DuPuy hopes Expos derby ends within month

Committee head's goal is Aug. owners' meeting

Baseball

July 13, 2004|By Ed Waldman | Ed Waldman,SUN STAFF

HOUSTON -- The man leading the search for a new home for the Montreal Expos said yesterday that he hopes Major League Baseball will have a decision by the owners' meeting next month in Philadelphia.

"I think that's a good working goal," said Bob DuPuy, MLB's president and chief operating officer, referring to the meeting scheduled Aug. 17-20. "The sooner we get it done, the better.

"It's just a matter of making a decision and getting things done," DuPuy added before a news conference honoring baseball's living 500 home run hitters.

He said MLB officials continue to meet with the candidates, and none has been eliminated. The contenders for the Expos are Washington; Northern Virginia; Las Vegas; Portland, Ore.; Norfolk, Va.; Monterrey, Mexico; and San Juan, Puerto Rico.

Baseball has been looking for a new home for the Expos since it bought the team for $120 million from Jeffrey Loria in February 2002 in a complicated deal that allowed Loria to buy the Florida Marlins and then-Marlins owner John Henry to buy the Boston Red Sox.

At MLB's last owners meeting in June, league executives had expressed hope that a new Expos home could be announced by the All-Star break.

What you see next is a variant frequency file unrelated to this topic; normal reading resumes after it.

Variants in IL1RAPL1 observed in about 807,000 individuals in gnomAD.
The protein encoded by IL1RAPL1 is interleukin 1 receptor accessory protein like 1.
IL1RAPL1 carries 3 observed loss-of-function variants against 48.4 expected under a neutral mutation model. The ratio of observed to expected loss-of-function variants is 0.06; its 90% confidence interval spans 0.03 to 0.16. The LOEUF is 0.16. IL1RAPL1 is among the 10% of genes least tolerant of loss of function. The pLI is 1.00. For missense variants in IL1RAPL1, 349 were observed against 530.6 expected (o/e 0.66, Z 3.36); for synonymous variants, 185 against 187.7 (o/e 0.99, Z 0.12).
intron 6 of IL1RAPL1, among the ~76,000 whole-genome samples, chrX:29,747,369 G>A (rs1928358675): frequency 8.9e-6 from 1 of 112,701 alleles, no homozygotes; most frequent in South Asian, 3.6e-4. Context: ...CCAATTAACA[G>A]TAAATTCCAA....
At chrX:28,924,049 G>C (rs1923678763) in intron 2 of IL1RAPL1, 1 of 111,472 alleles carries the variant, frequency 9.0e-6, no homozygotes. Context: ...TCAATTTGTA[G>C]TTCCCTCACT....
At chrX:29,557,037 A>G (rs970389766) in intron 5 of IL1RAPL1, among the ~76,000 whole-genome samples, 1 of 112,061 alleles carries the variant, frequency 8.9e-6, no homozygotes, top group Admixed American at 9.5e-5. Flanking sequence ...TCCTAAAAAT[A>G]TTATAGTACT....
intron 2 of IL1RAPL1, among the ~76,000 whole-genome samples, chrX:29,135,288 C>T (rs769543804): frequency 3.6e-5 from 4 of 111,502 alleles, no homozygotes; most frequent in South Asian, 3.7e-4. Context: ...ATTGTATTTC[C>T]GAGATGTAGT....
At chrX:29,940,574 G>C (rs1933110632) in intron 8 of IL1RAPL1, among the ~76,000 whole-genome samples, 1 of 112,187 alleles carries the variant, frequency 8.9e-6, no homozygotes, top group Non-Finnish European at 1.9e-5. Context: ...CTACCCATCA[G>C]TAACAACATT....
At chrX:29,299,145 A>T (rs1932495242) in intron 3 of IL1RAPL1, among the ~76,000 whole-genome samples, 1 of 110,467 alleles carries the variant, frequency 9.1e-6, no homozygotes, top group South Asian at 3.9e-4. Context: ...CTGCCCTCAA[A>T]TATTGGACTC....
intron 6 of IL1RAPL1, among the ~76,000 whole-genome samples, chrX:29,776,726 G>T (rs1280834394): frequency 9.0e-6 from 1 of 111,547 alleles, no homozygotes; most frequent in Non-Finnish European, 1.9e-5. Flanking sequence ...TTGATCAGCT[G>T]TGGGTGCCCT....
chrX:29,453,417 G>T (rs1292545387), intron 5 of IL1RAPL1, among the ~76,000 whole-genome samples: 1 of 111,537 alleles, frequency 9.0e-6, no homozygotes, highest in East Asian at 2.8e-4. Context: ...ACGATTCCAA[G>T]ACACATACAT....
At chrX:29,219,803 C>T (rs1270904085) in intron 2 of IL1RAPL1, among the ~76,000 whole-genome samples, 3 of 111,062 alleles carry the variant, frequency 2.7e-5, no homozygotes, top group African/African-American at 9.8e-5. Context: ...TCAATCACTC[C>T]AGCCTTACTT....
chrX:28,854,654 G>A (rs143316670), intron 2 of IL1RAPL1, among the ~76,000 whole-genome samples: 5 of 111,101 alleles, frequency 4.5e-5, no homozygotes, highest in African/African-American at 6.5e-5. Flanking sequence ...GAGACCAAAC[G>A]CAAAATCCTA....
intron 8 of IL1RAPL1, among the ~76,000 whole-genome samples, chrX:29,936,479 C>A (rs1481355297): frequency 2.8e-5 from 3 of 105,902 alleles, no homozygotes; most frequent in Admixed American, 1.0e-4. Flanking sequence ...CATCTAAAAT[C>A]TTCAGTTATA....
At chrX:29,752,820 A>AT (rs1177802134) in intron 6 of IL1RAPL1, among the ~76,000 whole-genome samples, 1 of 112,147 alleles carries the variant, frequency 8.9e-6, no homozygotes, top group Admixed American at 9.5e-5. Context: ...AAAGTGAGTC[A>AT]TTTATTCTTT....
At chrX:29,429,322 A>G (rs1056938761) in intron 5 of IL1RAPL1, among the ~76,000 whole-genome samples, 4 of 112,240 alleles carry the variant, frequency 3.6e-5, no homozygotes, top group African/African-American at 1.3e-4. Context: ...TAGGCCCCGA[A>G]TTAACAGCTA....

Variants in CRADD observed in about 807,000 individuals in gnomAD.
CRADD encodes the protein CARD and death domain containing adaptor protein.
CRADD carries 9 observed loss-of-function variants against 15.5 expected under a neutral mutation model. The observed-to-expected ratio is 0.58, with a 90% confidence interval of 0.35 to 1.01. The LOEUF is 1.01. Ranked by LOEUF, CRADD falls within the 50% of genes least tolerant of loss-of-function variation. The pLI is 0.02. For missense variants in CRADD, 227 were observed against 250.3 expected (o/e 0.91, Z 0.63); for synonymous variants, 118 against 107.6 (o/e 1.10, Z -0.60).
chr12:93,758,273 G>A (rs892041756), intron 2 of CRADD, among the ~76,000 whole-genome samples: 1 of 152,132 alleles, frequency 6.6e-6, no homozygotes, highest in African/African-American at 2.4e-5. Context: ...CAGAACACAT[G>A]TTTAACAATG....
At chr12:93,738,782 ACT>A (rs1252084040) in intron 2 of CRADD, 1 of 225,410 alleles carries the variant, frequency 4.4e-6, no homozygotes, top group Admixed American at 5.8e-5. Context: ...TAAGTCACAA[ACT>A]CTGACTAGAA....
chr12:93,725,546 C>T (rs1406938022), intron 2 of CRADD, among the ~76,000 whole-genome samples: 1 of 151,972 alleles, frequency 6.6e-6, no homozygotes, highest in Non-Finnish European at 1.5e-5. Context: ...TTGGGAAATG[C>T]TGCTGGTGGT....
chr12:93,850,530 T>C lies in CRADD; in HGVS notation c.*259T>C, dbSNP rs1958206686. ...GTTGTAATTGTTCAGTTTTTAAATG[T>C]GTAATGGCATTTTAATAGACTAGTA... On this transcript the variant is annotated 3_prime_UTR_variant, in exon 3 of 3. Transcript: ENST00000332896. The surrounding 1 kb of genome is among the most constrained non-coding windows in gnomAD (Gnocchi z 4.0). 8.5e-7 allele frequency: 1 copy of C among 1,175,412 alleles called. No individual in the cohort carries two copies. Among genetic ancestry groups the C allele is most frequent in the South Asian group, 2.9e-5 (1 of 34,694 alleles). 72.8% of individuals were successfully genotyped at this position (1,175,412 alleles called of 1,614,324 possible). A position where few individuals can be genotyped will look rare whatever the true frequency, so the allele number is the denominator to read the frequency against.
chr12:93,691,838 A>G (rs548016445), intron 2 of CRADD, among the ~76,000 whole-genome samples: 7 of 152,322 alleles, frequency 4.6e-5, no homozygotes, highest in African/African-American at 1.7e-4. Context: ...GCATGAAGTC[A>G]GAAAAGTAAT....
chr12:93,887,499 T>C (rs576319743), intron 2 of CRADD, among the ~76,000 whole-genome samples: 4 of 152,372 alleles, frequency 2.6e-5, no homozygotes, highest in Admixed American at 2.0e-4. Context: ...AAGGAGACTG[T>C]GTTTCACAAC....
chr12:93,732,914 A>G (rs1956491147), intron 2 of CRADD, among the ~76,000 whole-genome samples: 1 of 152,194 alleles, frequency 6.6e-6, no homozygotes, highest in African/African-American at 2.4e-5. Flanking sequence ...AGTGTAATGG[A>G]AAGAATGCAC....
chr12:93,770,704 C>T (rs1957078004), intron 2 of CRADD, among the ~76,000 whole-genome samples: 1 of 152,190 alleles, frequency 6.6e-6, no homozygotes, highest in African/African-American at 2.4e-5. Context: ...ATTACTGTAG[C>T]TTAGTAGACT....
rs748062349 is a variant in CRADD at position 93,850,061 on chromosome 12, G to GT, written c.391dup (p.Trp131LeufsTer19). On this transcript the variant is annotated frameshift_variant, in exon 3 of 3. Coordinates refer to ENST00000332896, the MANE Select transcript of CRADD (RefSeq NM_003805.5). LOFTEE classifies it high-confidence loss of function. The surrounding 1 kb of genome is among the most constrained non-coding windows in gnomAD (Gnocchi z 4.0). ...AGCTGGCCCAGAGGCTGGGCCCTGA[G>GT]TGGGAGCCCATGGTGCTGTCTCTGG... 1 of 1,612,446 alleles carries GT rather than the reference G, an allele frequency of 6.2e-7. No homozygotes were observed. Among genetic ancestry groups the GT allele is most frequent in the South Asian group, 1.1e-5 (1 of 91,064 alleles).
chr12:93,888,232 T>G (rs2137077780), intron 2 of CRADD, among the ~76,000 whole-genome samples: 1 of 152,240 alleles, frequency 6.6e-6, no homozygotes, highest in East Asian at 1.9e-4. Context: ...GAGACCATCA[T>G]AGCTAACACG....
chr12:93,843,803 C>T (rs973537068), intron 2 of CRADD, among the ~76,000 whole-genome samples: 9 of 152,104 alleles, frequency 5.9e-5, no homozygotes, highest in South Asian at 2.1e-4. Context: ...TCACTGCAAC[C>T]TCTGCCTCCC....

"When the decision is made, it will be made," DuPuy said. "It is difficult to have each step of your process analyzed. When the commissioner makes a decision and we've got an agreement in place, we'll announce it.

"I believe it will happen this summer. I think it's very important that we get it done this year."

DuPuy said he has not been lobbied recently by Orioles owner Peter Angelos.

"He has expressed his view in regard to the impact that a club in the Washington area would have on the Orioles," DuPuy said. "They've done a study. He's made no secret about the fact that he thinks it will have a negative impact. And the commissioner has made no secret of the fact that he's concerned about any location having an impact on an existing franchise."

If Washington or Northern Virginia were chosen, DuPuy said, it would be an issue that "would have to be resolved and reconciled." Previous speculation has centered on Angelos' receiving a payment -- as much as $100 million in some reports -- to compensate him for the loss of the Washington market.

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